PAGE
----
“We didn’t take seriously enough the risks inherent in new media environments as we quickly created a system where the rewards to the platforms and their structures reinforce biases of cognitive dissonance. So now we fight across different lines on social media, as there is no space where we come together.”
“Our democratic processes are misfiring. It’s part of the story of what’s feeding the populist surge. We need to look at reviving the quality of European democracy across several dimensions – political, cultural, psychological, economic and digital.”
Polarisation in America
“The scale of domestic disinformation in the US is drastic and underreported.”
“The 2020 US presidential campaign was not so much about new tactics, but the result of long-term investment in influence campaigns that saw pro-Trump right-wing media and messengers achieving greater credibility and reach, up to the level of the NYT, CNN and other established media outlets.”
“Just after the US election, Trump tweeted 300 times about voting fraud and conspiracy with each message reaching over 84 million people and being picked up by mainstream media. So, we can’t depolarise if you have powerful people with huge platforms and media platforms pushing in the opposite direction.”
“In the US, there’s evidence that a contempt for the other party is now the most powerful predictor of political behaviour in voting today.”
The UK & Brexit
“In UK, the divisions across cultural lines, reinforced through Brexit, are now much stronger than across economic left-right lines.”
“It is nonsense that mainstream media and opinion-formers in UK have been biased towards the liberal left and suppressed right wing views. There are more British papers on the right than left. People who pursue this argument confuse truth with balance. In general, the inquiry into truth is often inquiry into power and money and wealth, which will often appear to be a liberal left point of view.”
“Before the 2016 referendum, there was a real lack of understanding about the EU among BBC journalists. We were made to do a survey and quiz, but afterwards many said they still didn’t understand what the EU did. So how on earth could we expect journalists to explain the issues competently to the wider population? We haven’t had enough education in the UK about how the EU connects to us and affects our society.”
Better evidence-based understanding of the effects of polarisation and changing views rather than assumptions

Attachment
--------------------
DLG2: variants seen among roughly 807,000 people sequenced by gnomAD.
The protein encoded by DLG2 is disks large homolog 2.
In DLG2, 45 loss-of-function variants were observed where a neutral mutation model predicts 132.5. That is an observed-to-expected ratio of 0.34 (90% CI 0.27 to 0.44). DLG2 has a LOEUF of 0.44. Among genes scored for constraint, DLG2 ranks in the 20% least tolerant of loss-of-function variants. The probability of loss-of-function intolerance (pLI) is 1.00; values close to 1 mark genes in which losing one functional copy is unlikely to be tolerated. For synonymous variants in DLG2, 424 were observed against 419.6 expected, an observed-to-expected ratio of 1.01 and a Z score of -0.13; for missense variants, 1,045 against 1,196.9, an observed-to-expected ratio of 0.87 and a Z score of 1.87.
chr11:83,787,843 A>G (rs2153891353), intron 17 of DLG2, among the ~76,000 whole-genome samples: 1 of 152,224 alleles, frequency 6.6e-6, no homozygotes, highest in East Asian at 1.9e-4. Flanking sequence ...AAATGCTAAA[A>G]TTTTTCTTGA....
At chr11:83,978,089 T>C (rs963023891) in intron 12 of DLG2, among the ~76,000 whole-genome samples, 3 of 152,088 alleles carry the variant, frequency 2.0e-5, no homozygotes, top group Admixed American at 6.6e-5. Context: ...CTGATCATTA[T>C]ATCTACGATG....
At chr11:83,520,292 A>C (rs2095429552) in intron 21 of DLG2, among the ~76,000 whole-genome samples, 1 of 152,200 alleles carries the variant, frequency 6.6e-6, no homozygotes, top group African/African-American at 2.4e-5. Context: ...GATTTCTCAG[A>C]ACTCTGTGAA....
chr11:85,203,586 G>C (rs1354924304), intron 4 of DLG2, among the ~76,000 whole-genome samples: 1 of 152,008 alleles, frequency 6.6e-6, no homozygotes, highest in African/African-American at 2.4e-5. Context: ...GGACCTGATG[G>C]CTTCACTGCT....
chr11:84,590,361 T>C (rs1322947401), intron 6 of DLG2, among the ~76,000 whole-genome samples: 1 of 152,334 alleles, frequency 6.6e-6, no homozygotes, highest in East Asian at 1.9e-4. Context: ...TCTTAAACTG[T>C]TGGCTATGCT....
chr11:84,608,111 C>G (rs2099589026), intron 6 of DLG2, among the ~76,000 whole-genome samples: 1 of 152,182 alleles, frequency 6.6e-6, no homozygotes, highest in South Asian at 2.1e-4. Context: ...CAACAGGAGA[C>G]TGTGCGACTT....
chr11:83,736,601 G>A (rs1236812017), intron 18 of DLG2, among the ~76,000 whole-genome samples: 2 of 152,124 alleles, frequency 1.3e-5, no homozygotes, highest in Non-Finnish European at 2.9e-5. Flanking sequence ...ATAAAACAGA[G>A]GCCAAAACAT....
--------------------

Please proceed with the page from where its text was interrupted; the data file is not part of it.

“Across the board, bad actors are trying to erode trust, including new actors like China and Columbia, so in the US, Democrats had to work hard to inoculate against that in advance of the election. We also did a mapping of narratives by state and issue, so we really knew what people were exposed to and could counter myths.”
“We need to know the enemy – polarisation is often driven by oligarchs who are unhappy with democratic accountability and systems that curtail their freedom, so they use their money to influence and distort democratic outcomes. Others are mobilising people to flout authority and spread COVID, adding further chaos and complication.”
More systemic efforts to combat disinformation and bust myths including ways to regulate social media, support balanced media coverage and sensitize the population.
“We need to encourage people to fact-check and be aware of disinformation without threatening their identity; we need to change algorithms to prioritise higher quality news and find ways to stop people gaming the digital media system.”
“The next frontier of disinformation will be about the EU Green Deal and recovery – we already see this around vaccines and the pandemic. To deal with this, we need to encourage people to talk about concrete actions rather than abstract ideas.”
“At the EU, we don’t want to fall into the trap of countering propaganda with propaganda itself, so we are keen to reframe the narrative into a positive one – solutions not problems.”
“The European green and digital deal is the way for Europe to get out of the crisis and look forward to a much more sustainable and equitable Europe. And of course, as a Union, we also want to project a message of unity.”
More consensus politics, bi-partisanship and alliances, and long-term thinking to tackle major challenges
“There has been a catastrophic decline in trust in politics and politicians – the feeling that people are being ignored as politicians insult each other, refuse to cooperate or even address the issues that people care about. This has been exploited by populist and nationalist parties.”